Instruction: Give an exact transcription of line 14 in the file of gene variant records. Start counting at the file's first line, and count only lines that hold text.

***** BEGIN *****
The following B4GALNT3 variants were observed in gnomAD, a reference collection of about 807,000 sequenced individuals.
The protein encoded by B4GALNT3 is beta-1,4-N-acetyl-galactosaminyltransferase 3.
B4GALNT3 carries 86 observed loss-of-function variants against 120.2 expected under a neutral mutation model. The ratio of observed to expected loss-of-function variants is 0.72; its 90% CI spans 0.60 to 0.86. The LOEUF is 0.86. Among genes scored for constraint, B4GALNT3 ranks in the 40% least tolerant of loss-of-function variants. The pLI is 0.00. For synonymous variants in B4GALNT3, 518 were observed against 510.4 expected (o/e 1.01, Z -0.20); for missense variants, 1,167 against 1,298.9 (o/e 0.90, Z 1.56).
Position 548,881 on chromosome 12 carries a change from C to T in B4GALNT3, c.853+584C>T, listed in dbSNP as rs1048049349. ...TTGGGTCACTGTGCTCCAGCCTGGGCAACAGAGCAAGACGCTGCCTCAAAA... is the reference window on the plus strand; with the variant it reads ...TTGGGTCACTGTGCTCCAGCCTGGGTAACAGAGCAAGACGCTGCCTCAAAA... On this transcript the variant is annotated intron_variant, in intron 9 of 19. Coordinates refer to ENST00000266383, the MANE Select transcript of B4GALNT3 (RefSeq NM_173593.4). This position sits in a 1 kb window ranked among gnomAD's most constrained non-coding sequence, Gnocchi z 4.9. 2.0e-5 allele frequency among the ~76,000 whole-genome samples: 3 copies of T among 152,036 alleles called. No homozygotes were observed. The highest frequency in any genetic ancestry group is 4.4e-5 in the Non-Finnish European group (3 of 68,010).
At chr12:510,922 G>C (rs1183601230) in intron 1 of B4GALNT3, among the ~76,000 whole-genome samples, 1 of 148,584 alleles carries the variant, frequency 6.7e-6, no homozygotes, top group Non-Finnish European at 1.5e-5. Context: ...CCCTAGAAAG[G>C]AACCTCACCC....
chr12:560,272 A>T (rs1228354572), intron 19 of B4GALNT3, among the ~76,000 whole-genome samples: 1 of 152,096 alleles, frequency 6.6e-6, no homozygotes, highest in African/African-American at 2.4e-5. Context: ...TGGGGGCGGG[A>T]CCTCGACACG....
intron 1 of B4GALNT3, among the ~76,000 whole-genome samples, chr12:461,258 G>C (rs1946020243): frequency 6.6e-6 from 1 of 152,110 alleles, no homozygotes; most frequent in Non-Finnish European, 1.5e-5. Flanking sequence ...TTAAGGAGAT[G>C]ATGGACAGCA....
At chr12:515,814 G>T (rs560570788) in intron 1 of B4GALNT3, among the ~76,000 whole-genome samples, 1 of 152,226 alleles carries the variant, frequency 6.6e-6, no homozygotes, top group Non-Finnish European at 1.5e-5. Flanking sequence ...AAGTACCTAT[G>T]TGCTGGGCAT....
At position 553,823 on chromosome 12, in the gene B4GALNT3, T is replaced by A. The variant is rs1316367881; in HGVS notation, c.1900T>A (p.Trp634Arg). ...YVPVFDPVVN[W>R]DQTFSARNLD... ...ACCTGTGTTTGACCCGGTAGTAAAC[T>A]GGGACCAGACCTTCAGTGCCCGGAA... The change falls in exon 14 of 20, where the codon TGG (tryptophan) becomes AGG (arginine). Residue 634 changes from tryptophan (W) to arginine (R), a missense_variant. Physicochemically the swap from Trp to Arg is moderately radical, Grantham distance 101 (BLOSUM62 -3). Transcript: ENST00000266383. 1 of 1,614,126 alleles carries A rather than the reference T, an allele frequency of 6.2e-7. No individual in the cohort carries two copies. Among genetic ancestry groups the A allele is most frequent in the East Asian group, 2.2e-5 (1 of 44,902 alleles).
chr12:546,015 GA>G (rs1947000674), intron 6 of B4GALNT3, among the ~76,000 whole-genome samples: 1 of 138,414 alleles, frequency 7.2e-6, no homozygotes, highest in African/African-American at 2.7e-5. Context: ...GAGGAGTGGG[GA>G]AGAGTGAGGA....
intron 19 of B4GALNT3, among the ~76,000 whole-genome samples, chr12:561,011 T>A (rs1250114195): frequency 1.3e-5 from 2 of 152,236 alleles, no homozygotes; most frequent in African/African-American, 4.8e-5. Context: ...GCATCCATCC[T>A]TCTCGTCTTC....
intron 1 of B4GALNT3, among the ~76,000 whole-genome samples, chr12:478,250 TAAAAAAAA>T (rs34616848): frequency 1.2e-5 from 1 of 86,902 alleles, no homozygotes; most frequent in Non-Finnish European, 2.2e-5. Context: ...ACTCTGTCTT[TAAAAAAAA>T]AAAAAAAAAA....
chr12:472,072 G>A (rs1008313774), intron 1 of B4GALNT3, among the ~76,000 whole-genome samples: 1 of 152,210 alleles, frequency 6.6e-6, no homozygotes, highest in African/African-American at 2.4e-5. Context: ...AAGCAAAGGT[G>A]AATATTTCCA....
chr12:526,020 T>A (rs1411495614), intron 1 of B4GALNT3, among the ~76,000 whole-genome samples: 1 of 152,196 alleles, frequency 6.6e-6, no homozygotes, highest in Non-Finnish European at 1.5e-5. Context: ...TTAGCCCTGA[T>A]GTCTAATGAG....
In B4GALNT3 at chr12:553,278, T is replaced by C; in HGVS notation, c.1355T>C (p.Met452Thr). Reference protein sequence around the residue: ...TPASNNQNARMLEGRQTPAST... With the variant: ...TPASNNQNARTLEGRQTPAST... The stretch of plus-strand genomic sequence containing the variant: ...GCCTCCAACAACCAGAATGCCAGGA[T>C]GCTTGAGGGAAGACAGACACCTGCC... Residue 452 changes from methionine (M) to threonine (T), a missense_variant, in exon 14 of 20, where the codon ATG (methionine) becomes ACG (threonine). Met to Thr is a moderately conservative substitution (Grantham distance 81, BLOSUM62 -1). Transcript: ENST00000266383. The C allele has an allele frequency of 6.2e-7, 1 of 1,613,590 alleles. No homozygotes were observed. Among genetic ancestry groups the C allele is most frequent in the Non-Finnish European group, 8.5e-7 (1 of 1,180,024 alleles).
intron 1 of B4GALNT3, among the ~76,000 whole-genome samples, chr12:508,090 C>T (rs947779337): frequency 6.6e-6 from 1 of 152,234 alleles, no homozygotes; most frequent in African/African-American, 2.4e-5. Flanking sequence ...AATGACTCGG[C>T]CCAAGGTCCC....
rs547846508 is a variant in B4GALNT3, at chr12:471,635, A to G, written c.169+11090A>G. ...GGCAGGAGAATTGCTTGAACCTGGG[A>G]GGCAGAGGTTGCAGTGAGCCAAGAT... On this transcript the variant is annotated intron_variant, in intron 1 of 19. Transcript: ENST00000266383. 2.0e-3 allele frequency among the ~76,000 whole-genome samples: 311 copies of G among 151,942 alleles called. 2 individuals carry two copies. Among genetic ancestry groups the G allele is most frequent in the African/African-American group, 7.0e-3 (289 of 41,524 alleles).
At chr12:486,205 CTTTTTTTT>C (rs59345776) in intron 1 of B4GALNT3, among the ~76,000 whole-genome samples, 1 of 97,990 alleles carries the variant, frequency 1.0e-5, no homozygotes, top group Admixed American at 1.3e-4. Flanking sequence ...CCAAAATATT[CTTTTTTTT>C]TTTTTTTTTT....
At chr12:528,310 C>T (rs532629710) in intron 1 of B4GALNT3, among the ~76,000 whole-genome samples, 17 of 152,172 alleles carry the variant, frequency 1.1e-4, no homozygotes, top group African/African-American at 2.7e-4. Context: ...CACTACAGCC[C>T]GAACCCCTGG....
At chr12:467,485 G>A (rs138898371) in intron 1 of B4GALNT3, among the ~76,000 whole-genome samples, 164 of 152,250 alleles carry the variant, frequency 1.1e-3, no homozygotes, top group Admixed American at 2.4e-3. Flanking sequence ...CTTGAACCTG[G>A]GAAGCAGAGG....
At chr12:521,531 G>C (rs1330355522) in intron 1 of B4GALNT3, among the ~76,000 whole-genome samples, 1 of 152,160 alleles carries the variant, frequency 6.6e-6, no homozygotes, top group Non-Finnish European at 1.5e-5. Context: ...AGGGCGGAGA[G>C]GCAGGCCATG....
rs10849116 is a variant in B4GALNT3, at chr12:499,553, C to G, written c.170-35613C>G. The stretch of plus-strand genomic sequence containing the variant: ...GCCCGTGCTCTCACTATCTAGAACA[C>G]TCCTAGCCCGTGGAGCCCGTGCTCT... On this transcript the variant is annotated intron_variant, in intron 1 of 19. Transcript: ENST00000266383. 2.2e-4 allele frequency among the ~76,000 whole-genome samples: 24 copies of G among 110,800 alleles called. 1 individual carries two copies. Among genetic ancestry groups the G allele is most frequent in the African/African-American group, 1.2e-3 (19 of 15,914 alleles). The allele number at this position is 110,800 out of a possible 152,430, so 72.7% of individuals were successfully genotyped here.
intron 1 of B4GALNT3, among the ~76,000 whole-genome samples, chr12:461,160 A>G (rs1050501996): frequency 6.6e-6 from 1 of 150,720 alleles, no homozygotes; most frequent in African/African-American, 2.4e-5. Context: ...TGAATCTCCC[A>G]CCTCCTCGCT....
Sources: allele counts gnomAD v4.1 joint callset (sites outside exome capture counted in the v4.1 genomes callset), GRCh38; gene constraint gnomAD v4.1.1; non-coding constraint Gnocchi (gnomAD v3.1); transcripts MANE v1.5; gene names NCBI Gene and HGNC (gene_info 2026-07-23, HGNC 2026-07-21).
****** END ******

chr12:526,020 T>A (rs1411495614), intron 1 of B4GALNT3, among the ~76,000 whole-genome samples: 1 of 152,196 alleles, frequency 6.6e-6, no homozygotes, highest in Non-Finnish European at 1.5e-5. Context: ...TTAGCCCTGA[T>A]GTCTAATGAG....